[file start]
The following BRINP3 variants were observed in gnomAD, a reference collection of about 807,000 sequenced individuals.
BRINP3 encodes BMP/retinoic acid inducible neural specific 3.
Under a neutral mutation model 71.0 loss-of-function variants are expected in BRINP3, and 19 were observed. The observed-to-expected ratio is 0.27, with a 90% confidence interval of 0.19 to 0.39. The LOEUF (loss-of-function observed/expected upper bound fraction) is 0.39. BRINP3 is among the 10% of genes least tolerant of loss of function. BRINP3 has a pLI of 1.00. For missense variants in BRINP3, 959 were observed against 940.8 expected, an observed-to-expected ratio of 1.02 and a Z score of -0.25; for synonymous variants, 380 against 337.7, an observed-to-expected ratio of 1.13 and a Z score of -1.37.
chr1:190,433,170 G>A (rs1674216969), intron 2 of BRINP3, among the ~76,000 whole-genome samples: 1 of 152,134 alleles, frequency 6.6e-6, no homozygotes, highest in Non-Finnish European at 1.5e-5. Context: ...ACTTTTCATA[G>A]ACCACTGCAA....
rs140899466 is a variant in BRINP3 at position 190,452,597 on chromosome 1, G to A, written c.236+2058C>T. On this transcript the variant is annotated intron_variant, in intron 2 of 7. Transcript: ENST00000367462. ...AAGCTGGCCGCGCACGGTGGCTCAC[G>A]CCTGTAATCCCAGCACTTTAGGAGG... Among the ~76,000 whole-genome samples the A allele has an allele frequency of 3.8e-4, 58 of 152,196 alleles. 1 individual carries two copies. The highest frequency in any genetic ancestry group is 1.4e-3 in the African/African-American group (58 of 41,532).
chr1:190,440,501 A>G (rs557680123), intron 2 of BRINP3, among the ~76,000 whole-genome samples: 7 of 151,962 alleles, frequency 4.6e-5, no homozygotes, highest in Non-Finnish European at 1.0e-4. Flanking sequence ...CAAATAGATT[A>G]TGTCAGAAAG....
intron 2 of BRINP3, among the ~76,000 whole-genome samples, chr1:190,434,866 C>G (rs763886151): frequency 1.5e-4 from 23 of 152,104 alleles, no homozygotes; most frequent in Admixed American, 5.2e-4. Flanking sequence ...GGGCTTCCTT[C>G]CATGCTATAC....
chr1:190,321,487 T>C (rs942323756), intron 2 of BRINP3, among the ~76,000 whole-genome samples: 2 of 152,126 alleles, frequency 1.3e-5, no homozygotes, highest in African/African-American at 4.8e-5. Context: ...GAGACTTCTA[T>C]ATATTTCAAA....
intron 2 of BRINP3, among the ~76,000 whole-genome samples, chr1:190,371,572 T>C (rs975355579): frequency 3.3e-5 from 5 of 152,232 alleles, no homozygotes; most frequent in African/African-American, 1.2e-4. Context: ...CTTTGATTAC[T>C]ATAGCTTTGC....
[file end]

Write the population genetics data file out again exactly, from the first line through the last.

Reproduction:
The following BRINP3 variants were observed in gnomAD, a reference collection of about 807,000 sequenced individuals.
BRINP3 encodes BMP/retinoic acid inducible neural specific 3.
Under a neutral mutation model 71.0 loss-of-function variants are expected in BRINP3, and 19 were observed. The observed-to-expected ratio is 0.27, with a 90% confidence interval of 0.19 to 0.39. The LOEUF (loss-of-function observed/expected upper bound fraction) is 0.39. BRINP3 is among the 10% of genes least tolerant of loss of function. BRINP3 has a pLI of 1.00. For missense variants in BRINP3, 959 were observed against 940.8 expected, an observed-to-expected ratio of 1.02 and a Z score of -0.25; for synonymous variants, 380 against 337.7, an observed-to-expected ratio of 1.13 and a Z score of -1.37.
chr1:190,433,170 G>A (rs1674216969), intron 2 of BRINP3, among the ~76,000 whole-genome samples: 1 of 152,134 alleles, frequency 6.6e-6, no homozygotes, highest in Non-Finnish European at 1.5e-5. Context: ...ACTTTTCATA[G>A]ACCACTGCAA....
rs140899466 is a variant in BRINP3 at position 190,452,597 on chromosome 1, G to A, written c.236+2058C>T. On this transcript the variant is annotated intron_variant, in intron 2 of 7. Transcript: ENST00000367462. ...AAGCTGGCCGCGCACGGTGGCTCAC[G>A]CCTGTAATCCCAGCACTTTAGGAGG... Among the ~76,000 whole-genome samples the A allele has an allele frequency of 3.8e-4, 58 of 152,196 alleles. 1 individual carries two copies. The highest frequency in any genetic ancestry group is 1.4e-3 in the African/African-American group (58 of 41,532).
chr1:190,440,501 A>G (rs557680123), intron 2 of BRINP3, among the ~76,000 whole-genome samples: 7 of 151,962 alleles, frequency 4.6e-5, no homozygotes, highest in Non-Finnish European at 1.0e-4. Flanking sequence ...CAAATAGATT[A>G]TGTCAGAAAG....
intron 2 of BRINP3, among the ~76,000 whole-genome samples, chr1:190,434,866 C>G (rs763886151): frequency 1.5e-4 from 23 of 152,104 alleles, no homozygotes; most frequent in Admixed American, 5.2e-4. Flanking sequence ...GGGCTTCCTT[C>G]CATGCTATAC....
chr1:190,321,487 T>C (rs942323756), intron 2 of BRINP3, among the ~76,000 whole-genome samples: 2 of 152,126 alleles, frequency 1.3e-5, no homozygotes, highest in African/African-American at 4.8e-5. Context: ...GAGACTTCTA[T>C]ATATTTCAAA....
intron 2 of BRINP3, among the ~76,000 whole-genome samples, chr1:190,371,572 T>C (rs975355579): frequency 3.3e-5 from 5 of 152,232 alleles, no homozygotes; most frequent in African/African-American, 1.2e-4. Context: ...CTTTGATTAC[T>C]ATAGCTTTGC....